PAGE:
Opportunities exist for state Medicaid programs to implement managed care strategies that center equity in mental healthcare and improve mental health for adults.
A fragmented and underfunded mental health system, paired with the combined impact of structural racism, produces disparities in access to mental health services across the entire United States.
Most states contract with Medicaid managed care entities (MCEs) to administer services to enrollees. As such, Medicaid programs are uniquely positioned to promote greater equity in mental healthcare, as the program plays an outsized role in the financing and delivery of mental healthcare.
States can leverage authorities to offer a more flexible and broader set of mental healthcare services or require coverage of specific provider types.
Medicaid managed care programs can facilitate access to clinical and non-clinical mental healthcare services, integrate mental healthcare in primary care settings, and promote a racially and ethnically diverse mental healthcare workforce.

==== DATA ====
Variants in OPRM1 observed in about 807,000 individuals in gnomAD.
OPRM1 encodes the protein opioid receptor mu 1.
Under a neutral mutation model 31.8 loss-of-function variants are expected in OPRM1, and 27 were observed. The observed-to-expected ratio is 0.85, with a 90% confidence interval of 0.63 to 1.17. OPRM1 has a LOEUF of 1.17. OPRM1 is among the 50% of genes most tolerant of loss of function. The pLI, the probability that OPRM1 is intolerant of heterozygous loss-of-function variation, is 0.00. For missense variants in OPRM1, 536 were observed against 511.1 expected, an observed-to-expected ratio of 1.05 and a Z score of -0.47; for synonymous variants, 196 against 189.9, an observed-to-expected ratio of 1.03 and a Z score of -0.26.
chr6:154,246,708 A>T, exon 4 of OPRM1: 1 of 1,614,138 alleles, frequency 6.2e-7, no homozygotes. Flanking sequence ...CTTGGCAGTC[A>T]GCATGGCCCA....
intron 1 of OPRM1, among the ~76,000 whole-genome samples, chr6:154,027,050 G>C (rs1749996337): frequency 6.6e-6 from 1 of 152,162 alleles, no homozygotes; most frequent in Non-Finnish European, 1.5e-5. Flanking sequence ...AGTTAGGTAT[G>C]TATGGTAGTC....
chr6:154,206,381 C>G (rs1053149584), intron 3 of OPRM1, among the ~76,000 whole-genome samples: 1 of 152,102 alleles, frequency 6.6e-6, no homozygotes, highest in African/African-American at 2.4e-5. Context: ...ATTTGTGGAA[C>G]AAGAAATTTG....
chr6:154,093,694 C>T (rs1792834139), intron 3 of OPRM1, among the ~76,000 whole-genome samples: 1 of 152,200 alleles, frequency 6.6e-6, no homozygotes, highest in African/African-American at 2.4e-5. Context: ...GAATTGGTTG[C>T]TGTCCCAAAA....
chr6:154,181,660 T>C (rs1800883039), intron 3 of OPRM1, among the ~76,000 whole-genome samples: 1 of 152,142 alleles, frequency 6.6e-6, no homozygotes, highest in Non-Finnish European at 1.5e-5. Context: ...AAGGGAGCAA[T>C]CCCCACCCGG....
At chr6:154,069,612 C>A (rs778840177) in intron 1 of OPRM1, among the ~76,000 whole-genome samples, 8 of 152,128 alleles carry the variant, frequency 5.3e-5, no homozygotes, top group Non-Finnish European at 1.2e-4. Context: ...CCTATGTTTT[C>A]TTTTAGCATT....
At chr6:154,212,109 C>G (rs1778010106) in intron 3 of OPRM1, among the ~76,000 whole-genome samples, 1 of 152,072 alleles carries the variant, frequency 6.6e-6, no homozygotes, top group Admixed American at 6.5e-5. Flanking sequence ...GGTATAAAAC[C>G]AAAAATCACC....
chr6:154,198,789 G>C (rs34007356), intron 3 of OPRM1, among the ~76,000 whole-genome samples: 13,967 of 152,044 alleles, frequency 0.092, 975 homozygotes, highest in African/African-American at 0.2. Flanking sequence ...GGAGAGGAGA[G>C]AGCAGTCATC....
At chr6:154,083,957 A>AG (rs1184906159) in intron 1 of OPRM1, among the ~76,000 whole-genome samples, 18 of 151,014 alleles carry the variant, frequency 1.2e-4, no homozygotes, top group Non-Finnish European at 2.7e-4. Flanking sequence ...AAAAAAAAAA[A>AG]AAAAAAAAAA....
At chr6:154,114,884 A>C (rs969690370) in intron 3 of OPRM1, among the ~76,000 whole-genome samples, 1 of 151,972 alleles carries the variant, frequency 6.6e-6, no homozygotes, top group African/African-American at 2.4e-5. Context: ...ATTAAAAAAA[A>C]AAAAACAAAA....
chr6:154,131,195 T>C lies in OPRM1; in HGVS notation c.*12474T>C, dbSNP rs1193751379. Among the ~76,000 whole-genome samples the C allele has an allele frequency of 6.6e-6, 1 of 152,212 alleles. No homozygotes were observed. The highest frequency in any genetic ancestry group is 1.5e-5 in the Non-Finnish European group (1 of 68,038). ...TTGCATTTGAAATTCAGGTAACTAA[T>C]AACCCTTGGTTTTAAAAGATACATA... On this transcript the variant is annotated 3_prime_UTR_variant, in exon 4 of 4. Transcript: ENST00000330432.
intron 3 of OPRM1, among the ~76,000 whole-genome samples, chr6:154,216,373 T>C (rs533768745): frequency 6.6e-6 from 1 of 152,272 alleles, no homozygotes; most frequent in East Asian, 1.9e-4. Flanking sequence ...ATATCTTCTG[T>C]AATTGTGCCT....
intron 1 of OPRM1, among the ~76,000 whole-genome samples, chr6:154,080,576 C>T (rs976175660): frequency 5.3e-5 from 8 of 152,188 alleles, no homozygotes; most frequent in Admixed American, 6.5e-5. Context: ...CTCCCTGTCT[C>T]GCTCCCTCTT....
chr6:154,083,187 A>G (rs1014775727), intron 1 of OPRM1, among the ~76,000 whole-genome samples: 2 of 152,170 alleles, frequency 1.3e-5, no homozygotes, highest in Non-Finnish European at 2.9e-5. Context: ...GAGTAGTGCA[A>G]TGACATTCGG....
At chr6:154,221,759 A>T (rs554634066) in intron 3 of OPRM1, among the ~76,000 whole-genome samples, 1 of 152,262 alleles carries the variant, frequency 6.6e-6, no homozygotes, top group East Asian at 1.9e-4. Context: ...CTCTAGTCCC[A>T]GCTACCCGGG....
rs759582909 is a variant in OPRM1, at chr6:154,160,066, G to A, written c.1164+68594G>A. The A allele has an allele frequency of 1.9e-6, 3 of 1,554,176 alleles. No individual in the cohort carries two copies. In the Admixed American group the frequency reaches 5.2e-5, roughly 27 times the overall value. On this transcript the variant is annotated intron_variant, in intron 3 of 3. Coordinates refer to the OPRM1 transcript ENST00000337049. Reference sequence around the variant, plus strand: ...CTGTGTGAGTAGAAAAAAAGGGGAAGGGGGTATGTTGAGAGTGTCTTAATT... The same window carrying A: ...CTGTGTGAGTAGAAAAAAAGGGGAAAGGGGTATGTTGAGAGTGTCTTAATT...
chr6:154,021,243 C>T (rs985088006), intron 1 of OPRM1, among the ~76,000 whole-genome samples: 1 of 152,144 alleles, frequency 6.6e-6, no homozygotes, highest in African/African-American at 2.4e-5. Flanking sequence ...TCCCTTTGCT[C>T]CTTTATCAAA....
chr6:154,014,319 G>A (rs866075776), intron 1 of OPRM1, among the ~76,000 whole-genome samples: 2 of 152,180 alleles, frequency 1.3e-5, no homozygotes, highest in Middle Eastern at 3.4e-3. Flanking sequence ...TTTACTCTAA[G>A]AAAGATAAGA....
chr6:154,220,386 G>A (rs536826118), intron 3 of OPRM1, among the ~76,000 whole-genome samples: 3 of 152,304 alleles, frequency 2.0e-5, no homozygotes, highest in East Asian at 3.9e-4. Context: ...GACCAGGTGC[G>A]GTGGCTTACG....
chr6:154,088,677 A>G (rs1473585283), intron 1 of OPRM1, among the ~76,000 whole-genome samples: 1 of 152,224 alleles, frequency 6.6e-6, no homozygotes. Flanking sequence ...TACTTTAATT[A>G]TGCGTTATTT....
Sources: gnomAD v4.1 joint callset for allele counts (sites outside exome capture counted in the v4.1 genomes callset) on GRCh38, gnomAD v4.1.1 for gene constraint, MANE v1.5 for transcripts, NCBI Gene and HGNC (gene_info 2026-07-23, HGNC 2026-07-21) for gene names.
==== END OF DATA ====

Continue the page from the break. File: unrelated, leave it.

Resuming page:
These strategies highlight opportunities Medicaid programs have to leverage their purchasing, payment, and delivery system reform strategies within managed care to improve health and promote health equity.
About State Health and Value Strategies
State Health and Value Strategies (SHVS) assists states in their efforts to transform health and healthcare by providing targeted technical assistance to state officials and agencies. The program is a grantee of the Robert Wood Johnson Foundation, led by staff at Princeton University’s School of Public and International Affairs. The program connects states with experts and peers to undertake healthcare transformation initiatives. By engaging state officials, the program provides lessons learned, highlights successful strategies, and brings together states with experts in the field. Learn more at www.shvs.org.
Stable, affordable health coverage for people in the U.S. is the starting point to improving health outcomes and building a Culture of Health. In the U.S. nearly 90 million people rely on Medicaid for health coverage.